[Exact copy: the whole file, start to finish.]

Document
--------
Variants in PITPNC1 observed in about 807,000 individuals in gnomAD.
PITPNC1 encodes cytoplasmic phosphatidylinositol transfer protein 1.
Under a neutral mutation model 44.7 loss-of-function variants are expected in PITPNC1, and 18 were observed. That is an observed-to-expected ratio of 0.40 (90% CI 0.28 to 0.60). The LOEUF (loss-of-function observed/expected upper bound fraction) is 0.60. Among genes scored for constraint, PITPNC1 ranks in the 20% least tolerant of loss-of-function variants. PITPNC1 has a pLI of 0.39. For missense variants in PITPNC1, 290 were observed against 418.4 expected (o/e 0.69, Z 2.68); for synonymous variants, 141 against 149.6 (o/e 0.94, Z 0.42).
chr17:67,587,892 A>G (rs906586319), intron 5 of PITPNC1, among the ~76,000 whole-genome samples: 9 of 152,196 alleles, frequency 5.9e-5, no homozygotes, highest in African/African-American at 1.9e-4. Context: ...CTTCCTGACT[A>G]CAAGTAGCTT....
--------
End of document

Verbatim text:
Variants in PITPNC1 observed in about 807,000 individuals in gnomAD.
PITPNC1 encodes cytoplasmic phosphatidylinositol transfer protein 1.
Under a neutral mutation model 44.7 loss-of-function variants are expected in PITPNC1, and 18 were observed. That is an observed-to-expected ratio of 0.40 (90% CI 0.28 to 0.60). The LOEUF (loss-of-function observed/expected upper bound fraction) is 0.60. Among genes scored for constraint, PITPNC1 ranks in the 20% least tolerant of loss-of-function variants. PITPNC1 has a pLI of 0.39. For missense variants in PITPNC1, 290 were observed against 418.4 expected (o/e 0.69, Z 2.68); for synonymous variants, 141 against 149.6 (o/e 0.94, Z 0.42).
chr17:67,587,892 A>G (rs906586319), intron 5 of PITPNC1, among the ~76,000 whole-genome samples: 9 of 152,196 alleles, frequency 5.9e-5, no homozygotes, highest in African/African-American at 1.9e-4. Context: ...CTTCCTGACT[A>G]CAAGTAGCTT....